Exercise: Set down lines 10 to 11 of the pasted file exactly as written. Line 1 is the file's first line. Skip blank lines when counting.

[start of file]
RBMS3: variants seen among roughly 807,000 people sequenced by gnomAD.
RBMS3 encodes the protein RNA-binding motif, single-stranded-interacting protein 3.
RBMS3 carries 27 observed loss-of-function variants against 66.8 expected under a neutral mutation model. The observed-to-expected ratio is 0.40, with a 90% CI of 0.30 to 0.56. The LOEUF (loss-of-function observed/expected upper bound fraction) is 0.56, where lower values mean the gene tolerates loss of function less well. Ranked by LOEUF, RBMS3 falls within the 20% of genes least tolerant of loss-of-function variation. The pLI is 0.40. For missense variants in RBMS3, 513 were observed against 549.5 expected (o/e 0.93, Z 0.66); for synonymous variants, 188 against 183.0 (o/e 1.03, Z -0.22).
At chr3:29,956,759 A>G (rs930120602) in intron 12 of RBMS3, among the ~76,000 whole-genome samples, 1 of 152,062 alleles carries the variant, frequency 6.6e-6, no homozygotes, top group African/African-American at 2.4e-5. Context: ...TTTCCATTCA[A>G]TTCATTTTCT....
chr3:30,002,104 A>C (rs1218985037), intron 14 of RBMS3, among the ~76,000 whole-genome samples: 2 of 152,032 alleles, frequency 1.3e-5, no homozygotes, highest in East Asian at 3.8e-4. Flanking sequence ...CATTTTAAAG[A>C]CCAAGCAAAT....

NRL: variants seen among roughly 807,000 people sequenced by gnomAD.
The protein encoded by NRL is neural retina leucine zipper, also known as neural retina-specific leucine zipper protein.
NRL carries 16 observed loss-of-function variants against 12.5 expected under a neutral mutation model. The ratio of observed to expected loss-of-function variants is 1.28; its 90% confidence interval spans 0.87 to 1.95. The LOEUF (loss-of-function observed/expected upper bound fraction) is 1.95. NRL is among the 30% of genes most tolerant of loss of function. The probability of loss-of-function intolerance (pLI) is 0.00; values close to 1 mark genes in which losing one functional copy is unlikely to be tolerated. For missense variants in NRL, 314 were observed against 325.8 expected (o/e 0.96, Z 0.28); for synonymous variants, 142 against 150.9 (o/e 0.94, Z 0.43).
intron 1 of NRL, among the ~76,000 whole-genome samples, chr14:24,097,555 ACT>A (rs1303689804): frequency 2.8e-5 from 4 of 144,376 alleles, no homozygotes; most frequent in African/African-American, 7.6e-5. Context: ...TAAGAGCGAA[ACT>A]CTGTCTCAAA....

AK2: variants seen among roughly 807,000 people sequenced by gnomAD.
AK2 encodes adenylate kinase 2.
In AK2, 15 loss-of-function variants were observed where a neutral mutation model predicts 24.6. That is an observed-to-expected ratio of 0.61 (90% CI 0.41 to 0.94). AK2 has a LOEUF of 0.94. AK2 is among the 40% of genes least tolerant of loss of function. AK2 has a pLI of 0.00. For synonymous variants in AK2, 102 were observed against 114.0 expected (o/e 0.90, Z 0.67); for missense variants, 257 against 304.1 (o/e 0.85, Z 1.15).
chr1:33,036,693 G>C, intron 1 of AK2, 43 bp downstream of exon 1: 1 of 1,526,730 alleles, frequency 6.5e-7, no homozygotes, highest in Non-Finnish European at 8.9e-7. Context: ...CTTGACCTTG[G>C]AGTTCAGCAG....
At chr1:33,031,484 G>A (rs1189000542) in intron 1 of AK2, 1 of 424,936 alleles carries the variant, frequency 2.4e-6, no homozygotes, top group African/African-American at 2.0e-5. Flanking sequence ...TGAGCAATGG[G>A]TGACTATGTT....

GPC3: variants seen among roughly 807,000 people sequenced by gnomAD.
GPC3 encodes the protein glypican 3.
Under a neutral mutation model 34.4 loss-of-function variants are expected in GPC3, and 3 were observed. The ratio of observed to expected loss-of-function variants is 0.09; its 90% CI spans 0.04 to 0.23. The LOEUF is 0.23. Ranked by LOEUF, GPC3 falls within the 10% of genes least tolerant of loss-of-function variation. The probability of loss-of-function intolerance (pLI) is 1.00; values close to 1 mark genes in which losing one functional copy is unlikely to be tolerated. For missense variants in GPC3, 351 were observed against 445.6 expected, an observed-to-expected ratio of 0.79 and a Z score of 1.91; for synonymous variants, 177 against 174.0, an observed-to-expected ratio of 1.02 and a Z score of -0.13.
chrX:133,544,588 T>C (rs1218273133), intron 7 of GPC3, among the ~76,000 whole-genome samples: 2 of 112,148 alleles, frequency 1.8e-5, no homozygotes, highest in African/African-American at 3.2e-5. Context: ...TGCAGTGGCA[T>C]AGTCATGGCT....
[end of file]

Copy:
AK2: variants seen among roughly 807,000 people sequenced by gnomAD.
AK2 encodes adenylate kinase 2.